Evaluating a soybean stand using the plants per foot method. Photo courtesy of Meaghan Anderson.

Hula Hoop Method Another alternative method to take stand counts uses a hula hoop. To use this method, toss a hula hoop to arbitrarily select an area for a stand count. Count the number of plants inside the hula hoop and multiply the number of plants by a multiplication factor to estimate the number of plants per acre (Table 3). 

Table 3. Several hula hoop diameters and multiplication factors for stand counts in soybeans.

If a hula hoop does not have the exact diameter of those listed in the table below, determine the estimated stand by using the equation [Population = Plants Counted / (3.14 * hoop radius * hoop radius / 43,560)].  There are also tables available with plant populations already calculated based on the number of plants and hula hoop diameters (see Table 3 in this link).

Investigating poor stand assessments

If an area has a lower plant stand, uneven emergence, variable plant spacing, or poor seedling vigor, investigate what may be causing that to occur and how widespread it appears to be in the field. While some issues may not be remedied this growing season, determining the cause of poor stands assessments can help prevent or minimize that issues from happening again in the future.  

Dig up seedlings and check the plants for symptoms of the following:

  • Seed rots and seedling blights
  • Herbicide injury
  • Insect issues like seedcorn maggot, black cutworm, true armyworm, or even a non-insect pest like slugs, millipedes, and isopods
  • Planter issues (seed depth, sidewall compaction, seed drop and seed spacing)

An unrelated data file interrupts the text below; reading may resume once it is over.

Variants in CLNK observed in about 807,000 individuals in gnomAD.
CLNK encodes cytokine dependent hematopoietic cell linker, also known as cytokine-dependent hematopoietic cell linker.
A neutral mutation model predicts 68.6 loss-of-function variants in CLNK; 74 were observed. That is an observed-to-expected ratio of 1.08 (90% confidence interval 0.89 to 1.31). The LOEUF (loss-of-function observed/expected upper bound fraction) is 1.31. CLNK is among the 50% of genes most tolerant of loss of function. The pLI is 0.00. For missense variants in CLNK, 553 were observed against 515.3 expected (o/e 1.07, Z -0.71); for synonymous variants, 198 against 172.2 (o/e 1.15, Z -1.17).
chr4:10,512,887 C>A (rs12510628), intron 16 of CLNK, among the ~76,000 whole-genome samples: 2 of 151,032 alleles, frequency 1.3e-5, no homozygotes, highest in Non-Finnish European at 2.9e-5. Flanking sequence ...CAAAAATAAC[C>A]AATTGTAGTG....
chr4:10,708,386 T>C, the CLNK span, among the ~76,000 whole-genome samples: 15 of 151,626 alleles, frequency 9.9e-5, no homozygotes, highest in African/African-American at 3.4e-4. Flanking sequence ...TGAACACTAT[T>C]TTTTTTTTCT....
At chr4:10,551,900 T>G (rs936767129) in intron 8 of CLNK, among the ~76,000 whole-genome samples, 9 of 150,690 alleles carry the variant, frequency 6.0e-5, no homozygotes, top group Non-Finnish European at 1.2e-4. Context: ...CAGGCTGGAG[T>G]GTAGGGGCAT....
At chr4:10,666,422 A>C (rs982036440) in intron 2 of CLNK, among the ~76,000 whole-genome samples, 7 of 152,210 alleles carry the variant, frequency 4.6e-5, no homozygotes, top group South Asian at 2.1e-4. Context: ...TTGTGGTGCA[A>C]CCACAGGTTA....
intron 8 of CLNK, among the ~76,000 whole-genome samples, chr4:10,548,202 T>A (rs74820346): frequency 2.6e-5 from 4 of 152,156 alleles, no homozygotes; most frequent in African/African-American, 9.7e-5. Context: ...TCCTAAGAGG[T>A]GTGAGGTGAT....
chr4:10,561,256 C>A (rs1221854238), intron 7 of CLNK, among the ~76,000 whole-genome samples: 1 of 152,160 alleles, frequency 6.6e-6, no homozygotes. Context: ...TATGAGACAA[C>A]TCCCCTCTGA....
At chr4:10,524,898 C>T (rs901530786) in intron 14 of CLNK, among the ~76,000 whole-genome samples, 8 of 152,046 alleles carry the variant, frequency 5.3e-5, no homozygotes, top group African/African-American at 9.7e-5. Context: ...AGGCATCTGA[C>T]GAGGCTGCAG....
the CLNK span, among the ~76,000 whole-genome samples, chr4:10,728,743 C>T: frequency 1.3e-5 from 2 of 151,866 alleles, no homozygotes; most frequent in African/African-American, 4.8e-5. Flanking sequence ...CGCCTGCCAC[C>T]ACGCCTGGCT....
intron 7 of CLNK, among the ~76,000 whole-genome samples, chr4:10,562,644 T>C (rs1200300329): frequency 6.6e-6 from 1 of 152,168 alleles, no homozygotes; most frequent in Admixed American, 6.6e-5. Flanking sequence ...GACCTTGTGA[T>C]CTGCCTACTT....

Soybean Replant Considerations

If the emerged soybean population is significantly lower than expected, replanting or, more likely, “thickening up” soybean may be considered. Unlike in corn, rarely do soybean fields require replanting; however, planting additional soybean on an offset pattern (typically angled or perpendicular) from the original rows is usually sufficient to improve stands. Due to the soybean plant’s growth habit and reproductive capabilities, soybean can coexist at different crop development stages without an issue.

In order to determine whether replanting is likely to be of benefit, consider the following factors:  

  • Yield potential of the current stand for the original planting date using tables in Soybean Replant Decisions (PM 1851).
  • Yield potential of a replanted stand at the replanted date of planting and estimated plant population using tables in Soybean Replant Decisions (PM 1851).
  • Compare the original yield potential with the replanted yield potential. Be sure to factor in replant costs like seed, fuel, time/labor, and additional weed control.
    • In general, replanting should be considered if uniform stands are less than 75,000 plants per acre when planted prior to mid-May or less than 50,000-60,000 plants per acre when planted late May into June.
    • Soybeans can compensate for low stands through increased branching and pod set.
    • Soybean seed treatments are often not necessary for replanted soybeans due to warmer soils at the time of planting but consider a fungicidal seed treatment if the field is prone to seedling diseases.
    • Low or uneven soybean populations may be more susceptible to weed issues due to lack of early-season suppression from the plant canopy, so additional postemergence herbicide may be necessary.
    • Reference herbicide labels for any products already applied to the field to be certain residual products do not disallow replanting.
    • Maturity selection, seeding rate, and row spacing may all need adjustment due to the shorter timeframe to harvest and lack of competitive ability of late planted soybeans. If already planting a well-adapted soybean variety to the area, do not change maturity selection unless replanting occurs in late June, but do consider increasing seeding rate or narrowing row spacing to allow for more competition with weeds.